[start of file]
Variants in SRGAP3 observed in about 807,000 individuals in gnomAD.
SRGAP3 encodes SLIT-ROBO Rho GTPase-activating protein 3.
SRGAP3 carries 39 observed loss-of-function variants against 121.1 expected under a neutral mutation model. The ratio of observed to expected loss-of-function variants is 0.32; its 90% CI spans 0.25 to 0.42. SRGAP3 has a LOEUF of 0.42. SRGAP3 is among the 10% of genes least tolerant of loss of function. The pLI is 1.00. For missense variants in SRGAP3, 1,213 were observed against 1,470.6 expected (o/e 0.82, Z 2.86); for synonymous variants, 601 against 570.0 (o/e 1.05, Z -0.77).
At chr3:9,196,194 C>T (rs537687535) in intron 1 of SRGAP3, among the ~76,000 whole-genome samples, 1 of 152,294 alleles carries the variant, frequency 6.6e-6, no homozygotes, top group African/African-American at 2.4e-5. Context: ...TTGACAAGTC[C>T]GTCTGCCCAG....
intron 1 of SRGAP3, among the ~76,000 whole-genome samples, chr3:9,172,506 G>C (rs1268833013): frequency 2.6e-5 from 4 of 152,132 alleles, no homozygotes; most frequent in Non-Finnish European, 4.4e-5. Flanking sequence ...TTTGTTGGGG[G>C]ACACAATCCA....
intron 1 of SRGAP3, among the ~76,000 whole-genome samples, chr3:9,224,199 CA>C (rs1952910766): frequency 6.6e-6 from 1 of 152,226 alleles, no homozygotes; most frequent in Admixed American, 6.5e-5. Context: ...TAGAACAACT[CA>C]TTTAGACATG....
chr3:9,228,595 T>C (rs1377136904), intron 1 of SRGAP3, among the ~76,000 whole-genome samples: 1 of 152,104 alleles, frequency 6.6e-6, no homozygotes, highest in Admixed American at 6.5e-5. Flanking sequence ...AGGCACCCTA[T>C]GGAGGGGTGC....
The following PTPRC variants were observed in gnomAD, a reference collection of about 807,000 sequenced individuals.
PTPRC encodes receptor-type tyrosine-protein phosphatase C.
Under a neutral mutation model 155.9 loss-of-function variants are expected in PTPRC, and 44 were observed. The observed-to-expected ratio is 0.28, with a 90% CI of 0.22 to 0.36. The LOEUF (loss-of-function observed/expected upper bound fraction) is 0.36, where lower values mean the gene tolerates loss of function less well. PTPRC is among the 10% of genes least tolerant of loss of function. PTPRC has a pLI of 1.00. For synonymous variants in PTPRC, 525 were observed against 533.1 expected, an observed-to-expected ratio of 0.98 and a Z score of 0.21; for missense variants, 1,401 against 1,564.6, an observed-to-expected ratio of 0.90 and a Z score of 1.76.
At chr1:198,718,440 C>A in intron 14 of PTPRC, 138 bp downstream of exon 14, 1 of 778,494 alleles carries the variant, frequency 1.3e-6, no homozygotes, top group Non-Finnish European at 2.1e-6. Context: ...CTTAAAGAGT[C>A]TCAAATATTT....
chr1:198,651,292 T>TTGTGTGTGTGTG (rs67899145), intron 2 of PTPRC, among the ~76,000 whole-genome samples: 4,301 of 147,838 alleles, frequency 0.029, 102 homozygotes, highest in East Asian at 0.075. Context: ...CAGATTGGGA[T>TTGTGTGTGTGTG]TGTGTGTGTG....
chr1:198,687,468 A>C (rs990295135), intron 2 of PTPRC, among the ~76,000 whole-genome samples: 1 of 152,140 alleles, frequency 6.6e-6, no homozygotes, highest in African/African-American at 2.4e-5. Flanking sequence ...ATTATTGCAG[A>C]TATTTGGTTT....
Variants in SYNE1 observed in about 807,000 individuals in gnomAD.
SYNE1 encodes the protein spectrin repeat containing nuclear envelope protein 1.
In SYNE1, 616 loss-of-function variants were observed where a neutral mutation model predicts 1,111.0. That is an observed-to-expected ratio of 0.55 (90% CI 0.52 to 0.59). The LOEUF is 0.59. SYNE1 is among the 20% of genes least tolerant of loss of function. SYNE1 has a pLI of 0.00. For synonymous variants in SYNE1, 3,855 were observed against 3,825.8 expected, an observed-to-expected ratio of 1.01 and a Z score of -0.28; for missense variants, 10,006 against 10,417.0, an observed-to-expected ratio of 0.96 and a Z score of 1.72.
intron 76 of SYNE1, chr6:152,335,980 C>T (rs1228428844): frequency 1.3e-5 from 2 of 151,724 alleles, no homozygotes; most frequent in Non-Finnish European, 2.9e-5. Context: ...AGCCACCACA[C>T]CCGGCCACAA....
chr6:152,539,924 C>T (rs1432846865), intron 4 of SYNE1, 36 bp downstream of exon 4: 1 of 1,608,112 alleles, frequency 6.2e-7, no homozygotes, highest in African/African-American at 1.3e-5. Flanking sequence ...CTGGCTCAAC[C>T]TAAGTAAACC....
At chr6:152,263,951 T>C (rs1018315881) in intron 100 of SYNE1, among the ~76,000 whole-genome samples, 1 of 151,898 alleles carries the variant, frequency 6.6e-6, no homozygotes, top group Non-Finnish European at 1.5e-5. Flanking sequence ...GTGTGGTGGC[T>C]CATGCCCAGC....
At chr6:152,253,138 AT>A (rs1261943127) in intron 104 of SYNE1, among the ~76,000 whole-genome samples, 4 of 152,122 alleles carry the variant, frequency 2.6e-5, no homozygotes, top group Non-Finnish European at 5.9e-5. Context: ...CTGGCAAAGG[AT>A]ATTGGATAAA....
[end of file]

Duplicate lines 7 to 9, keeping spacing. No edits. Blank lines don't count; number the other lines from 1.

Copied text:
chr3:9,228,595 T>C (rs1377136904), intron 1 of SRGAP3, among the ~76,000 whole-genome samples: 1 of 152,104 alleles, frequency 6.6e-6, no homozygotes, highest in Admixed American at 6.5e-5. Flanking sequence ...AGGCACCCTA[T>C]GGAGGGGTGC....
The following PTPRC variants were observed in gnomAD, a reference collection of about 807,000 sequenced individuals.
PTPRC encodes receptor-type tyrosine-protein phosphatase C.